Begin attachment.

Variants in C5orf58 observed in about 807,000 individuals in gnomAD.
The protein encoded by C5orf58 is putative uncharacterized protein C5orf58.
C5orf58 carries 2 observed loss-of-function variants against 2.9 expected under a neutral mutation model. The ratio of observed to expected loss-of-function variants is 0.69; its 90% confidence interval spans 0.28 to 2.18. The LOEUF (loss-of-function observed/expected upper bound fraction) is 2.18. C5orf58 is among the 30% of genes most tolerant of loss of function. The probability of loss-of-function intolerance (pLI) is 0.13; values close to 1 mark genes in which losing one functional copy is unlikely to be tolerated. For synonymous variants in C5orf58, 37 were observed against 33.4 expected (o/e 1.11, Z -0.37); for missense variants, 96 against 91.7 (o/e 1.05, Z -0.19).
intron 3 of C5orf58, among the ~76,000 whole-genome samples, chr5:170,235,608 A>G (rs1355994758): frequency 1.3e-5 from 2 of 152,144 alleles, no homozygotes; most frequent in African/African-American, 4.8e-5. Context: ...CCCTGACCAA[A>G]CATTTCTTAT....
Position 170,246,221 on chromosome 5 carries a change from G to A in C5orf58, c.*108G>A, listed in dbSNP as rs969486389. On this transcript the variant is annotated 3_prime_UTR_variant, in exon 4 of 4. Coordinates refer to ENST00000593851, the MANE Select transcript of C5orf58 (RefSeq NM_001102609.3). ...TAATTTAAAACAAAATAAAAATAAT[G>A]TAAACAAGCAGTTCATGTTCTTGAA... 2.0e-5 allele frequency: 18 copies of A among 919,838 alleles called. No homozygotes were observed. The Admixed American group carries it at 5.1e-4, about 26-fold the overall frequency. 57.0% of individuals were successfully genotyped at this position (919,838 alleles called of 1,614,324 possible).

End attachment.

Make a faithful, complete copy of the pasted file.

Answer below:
Variants in C5orf58 observed in about 807,000 individuals in gnomAD.
The protein encoded by C5orf58 is putative uncharacterized protein C5orf58.
C5orf58 carries 2 observed loss-of-function variants against 2.9 expected under a neutral mutation model. The ratio of observed to expected loss-of-function variants is 0.69; its 90% confidence interval spans 0.28 to 2.18. The LOEUF (loss-of-function observed/expected upper bound fraction) is 2.18. C5orf58 is among the 30% of genes most tolerant of loss of function. The probability of loss-of-function intolerance (pLI) is 0.13; values close to 1 mark genes in which losing one functional copy is unlikely to be tolerated. For synonymous variants in C5orf58, 37 were observed against 33.4 expected (o/e 1.11, Z -0.37); for missense variants, 96 against 91.7 (o/e 1.05, Z -0.19).
intron 3 of C5orf58, among the ~76,000 whole-genome samples, chr5:170,235,608 A>G (rs1355994758): frequency 1.3e-5 from 2 of 152,144 alleles, no homozygotes; most frequent in African/African-American, 4.8e-5. Context: ...CCCTGACCAA[A>G]CATTTCTTAT....
Position 170,246,221 on chromosome 5 carries a change from G to A in C5orf58, c.*108G>A, listed in dbSNP as rs969486389. On this transcript the variant is annotated 3_prime_UTR_variant, in exon 4 of 4. Coordinates refer to ENST00000593851, the MANE Select transcript of C5orf58 (RefSeq NM_001102609.3). ...TAATTTAAAACAAAATAAAAATAAT[G>A]TAAACAAGCAGTTCATGTTCTTGAA... 2.0e-5 allele frequency: 18 copies of A among 919,838 alleles called. No homozygotes were observed. The Admixed American group carries it at 5.1e-4, about 26-fold the overall frequency. 57.0% of individuals were successfully genotyped at this position (919,838 alleles called of 1,614,324 possible).